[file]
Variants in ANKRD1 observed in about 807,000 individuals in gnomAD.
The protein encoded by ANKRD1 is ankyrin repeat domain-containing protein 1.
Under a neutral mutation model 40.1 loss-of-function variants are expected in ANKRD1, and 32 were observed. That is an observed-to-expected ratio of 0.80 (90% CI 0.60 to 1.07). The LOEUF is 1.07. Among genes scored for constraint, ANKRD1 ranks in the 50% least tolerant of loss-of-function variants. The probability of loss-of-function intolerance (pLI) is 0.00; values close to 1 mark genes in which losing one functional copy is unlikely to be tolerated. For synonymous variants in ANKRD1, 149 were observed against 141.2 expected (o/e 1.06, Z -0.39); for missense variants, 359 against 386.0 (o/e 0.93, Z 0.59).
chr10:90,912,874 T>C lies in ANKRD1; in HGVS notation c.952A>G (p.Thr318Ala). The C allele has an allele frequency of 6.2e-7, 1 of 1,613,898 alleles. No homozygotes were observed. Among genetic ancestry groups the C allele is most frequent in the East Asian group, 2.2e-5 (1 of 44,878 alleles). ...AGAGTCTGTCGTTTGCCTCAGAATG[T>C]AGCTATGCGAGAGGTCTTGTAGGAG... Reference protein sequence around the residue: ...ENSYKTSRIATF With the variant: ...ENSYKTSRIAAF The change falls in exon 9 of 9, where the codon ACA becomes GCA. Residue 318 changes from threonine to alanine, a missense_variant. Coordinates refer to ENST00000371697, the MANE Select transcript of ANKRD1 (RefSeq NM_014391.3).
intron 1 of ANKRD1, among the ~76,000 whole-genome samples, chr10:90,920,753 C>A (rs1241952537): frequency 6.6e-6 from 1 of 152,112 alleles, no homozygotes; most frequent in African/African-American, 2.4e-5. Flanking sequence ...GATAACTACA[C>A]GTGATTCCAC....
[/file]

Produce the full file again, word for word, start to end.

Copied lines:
Variants in ANKRD1 observed in about 807,000 individuals in gnomAD.
The protein encoded by ANKRD1 is ankyrin repeat domain-containing protein 1.
Under a neutral mutation model 40.1 loss-of-function variants are expected in ANKRD1, and 32 were observed. That is an observed-to-expected ratio of 0.80 (90% CI 0.60 to 1.07). The LOEUF is 1.07. Among genes scored for constraint, ANKRD1 ranks in the 50% least tolerant of loss-of-function variants. The probability of loss-of-function intolerance (pLI) is 0.00; values close to 1 mark genes in which losing one functional copy is unlikely to be tolerated. For synonymous variants in ANKRD1, 149 were observed against 141.2 expected (o/e 1.06, Z -0.39); for missense variants, 359 against 386.0 (o/e 0.93, Z 0.59).
chr10:90,912,874 T>C lies in ANKRD1; in HGVS notation c.952A>G (p.Thr318Ala). The C allele has an allele frequency of 6.2e-7, 1 of 1,613,898 alleles. No homozygotes were observed. Among genetic ancestry groups the C allele is most frequent in the East Asian group, 2.2e-5 (1 of 44,878 alleles). ...AGAGTCTGTCGTTTGCCTCAGAATG[T>C]AGCTATGCGAGAGGTCTTGTAGGAG... Reference protein sequence around the residue: ...ENSYKTSRIATF With the variant: ...ENSYKTSRIAAF The change falls in exon 9 of 9, where the codon ACA becomes GCA. Residue 318 changes from threonine to alanine, a missense_variant. Coordinates refer to ENST00000371697, the MANE Select transcript of ANKRD1 (RefSeq NM_014391.3).
intron 1 of ANKRD1, among the ~76,000 whole-genome samples, chr10:90,920,753 C>A (rs1241952537): frequency 6.6e-6 from 1 of 152,112 alleles, no homozygotes; most frequent in African/African-American, 2.4e-5. Flanking sequence ...GATAACTACA[C>A]GTGATTCCAC....